The new Grounds and Natural Turf Improvement Programme, funded by Sport England, the Institute of Groundsmanship (IOG), the England and Wales Cricket Board (ECB), The Football Association and the Rugby Football League, is designed to raise the standards of sports surfaces as well as the understanding of sports turf management practices.
The news comes as Sport England announced its withdrawal of £1.6 million to the Football Association – the biggest loser in a £2.8m cut in funding to 11 national governing bodies (NGBs) who have seen the numbers of people involved in their sports fall.
Sport England chief executive Jennie Price said: "I want these decisions to send a clear message to those NGBs who need to change. This year, we are removing up to 10 per cent of their future investment, and we will be working with them to improve their plans. I want to reassure people who play those sports that they won’t lose out – we will still fund them, but through other bodies, such as local authorities or charities."
Running for three years initially, the new money will pay for eight regional pitch advisors headed by national manager Jason Booth, formerly head groundsman at Leeds Rugby, who will provide support services, training and education to grassroots clubs and sites, from this month.
The programme is based on the established IOG/ECB-funded regional advisor network but the number of advisors will increase.
The network will advise on turf care, technical issues and reinstatement after flooding. It is hoped that better local pitches will increase engagement and cut the number of cancelled activities due to weather.
IOG chief executive Geoff Webb said: "The IOG’s regional advisor network has over the years helped to vastly improve the standards of many sports surfaces, especially at grassroots and volunteer level where funding is often very limited.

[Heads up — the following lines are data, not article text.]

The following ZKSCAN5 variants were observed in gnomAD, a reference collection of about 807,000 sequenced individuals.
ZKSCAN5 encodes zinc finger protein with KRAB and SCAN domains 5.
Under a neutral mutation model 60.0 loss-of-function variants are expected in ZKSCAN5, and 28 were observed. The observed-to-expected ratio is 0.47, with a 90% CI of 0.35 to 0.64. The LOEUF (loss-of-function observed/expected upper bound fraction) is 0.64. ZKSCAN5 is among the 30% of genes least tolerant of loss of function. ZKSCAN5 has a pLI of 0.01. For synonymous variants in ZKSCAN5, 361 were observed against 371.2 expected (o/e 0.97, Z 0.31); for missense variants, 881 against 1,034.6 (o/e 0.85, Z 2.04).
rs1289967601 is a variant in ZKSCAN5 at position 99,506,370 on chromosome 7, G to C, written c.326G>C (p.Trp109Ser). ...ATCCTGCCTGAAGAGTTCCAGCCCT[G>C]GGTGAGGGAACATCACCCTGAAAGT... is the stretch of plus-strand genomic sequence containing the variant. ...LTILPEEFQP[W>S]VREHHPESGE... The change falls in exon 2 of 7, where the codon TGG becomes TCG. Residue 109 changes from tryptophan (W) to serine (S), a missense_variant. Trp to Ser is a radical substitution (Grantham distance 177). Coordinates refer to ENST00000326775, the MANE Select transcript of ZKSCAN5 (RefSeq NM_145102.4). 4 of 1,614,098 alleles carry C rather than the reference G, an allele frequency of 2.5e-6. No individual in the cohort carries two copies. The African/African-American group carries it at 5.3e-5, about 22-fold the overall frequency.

Now, with additional support from more national governing bodies of sports, we will be able to continue this important work at a much higher number of venues from the north to the south of the country.
He added: "This agreement builds on our established partnership with the ECB and reinforces how the IOG continues to forge strong links with sports’ national governing bodies to further improve playing surfaces at clubs of every size."
Sport England property director Charles Johnston said that good quality grass pitches were important in encouraging people to use them.
"We recognise the real value and importance of the volunteer groundsmen in maintaining and delivering quality pitches every week and are very pleased to support this new network of regional pitch advisors who will provide the necessary support and guidance the voluntary groundsmen deserve."
Tessa Hayhurst, national funding operations manager at the ECB, Carol Doran, national facilities manager at the Rugby Football League, Kelly Simmons, director of National Game and Women's Football at The Football Association all said that good quality pitches were crucial to getting people out playing sport.
The eight new advisors are:
- London – Andy Clarke
- South east – Ian Norman
- North west – Ian Mather-Brewster
- North east & Yorkshire – Ian Powell
- West Midlands – Kevin Duffill
- East – Daniel White
- South west – Rob Donnelly
- East Midlands – Tom Rowley